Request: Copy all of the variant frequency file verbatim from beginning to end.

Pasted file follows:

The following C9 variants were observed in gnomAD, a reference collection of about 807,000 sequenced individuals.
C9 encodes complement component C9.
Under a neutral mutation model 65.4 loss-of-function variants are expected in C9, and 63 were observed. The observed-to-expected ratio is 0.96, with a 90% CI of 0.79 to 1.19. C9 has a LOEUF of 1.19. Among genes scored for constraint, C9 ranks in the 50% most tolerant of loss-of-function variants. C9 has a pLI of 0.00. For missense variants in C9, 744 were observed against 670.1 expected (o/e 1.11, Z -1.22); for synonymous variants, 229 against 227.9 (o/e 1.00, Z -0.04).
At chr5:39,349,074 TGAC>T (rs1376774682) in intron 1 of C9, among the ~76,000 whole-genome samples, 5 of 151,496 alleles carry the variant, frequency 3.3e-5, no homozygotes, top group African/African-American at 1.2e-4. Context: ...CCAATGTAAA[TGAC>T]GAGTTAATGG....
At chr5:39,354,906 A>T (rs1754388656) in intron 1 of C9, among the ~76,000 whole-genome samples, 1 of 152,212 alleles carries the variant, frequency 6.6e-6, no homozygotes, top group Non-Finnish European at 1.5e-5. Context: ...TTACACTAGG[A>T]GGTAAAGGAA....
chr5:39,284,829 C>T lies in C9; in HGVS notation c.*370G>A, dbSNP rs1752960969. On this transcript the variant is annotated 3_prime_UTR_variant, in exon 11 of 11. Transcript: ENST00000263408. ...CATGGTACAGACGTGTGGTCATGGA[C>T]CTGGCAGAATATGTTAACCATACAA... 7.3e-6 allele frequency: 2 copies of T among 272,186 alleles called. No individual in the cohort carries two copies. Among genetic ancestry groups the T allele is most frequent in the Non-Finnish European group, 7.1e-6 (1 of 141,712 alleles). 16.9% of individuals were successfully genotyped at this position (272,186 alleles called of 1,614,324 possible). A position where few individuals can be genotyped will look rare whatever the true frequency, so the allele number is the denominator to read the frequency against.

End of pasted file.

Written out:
The following C9 variants were observed in gnomAD, a reference collection of about 807,000 sequenced individuals.
C9 encodes complement component C9.
Under a neutral mutation model 65.4 loss-of-function variants are expected in C9, and 63 were observed. The observed-to-expected ratio is 0.96, with a 90% CI of 0.79 to 1.19. C9 has a LOEUF of 1.19. Among genes scored for constraint, C9 ranks in the 50% most tolerant of loss-of-function variants. C9 has a pLI of 0.00. For missense variants in C9, 744 were observed against 670.1 expected (o/e 1.11, Z -1.22); for synonymous variants, 229 against 227.9 (o/e 1.00, Z -0.04).
At chr5:39,349,074 TGAC>T (rs1376774682) in intron 1 of C9, among the ~76,000 whole-genome samples, 5 of 151,496 alleles carry the variant, frequency 3.3e-5, no homozygotes, top group African/African-American at 1.2e-4. Context: ...CCAATGTAAA[TGAC>T]GAGTTAATGG....
At chr5:39,354,906 A>T (rs1754388656) in intron 1 of C9, among the ~76,000 whole-genome samples, 1 of 152,212 alleles carries the variant, frequency 6.6e-6, no homozygotes, top group Non-Finnish European at 1.5e-5. Context: ...TTACACTAGG[A>T]GGTAAAGGAA....
chr5:39,284,829 C>T lies in C9; in HGVS notation c.*370G>A, dbSNP rs1752960969. On this transcript the variant is annotated 3_prime_UTR_variant, in exon 11 of 11. Transcript: ENST00000263408. ...CATGGTACAGACGTGTGGTCATGGA[C>T]CTGGCAGAATATGTTAACCATACAA... 7.3e-6 allele frequency: 2 copies of T among 272,186 alleles called. No individual in the cohort carries two copies. Among genetic ancestry groups the T allele is most frequent in the Non-Finnish European group, 7.1e-6 (1 of 141,712 alleles). 16.9% of individuals were successfully genotyped at this position (272,186 alleles called of 1,614,324 possible). A position where few individuals can be genotyped will look rare whatever the true frequency, so the allele number is the denominator to read the frequency against.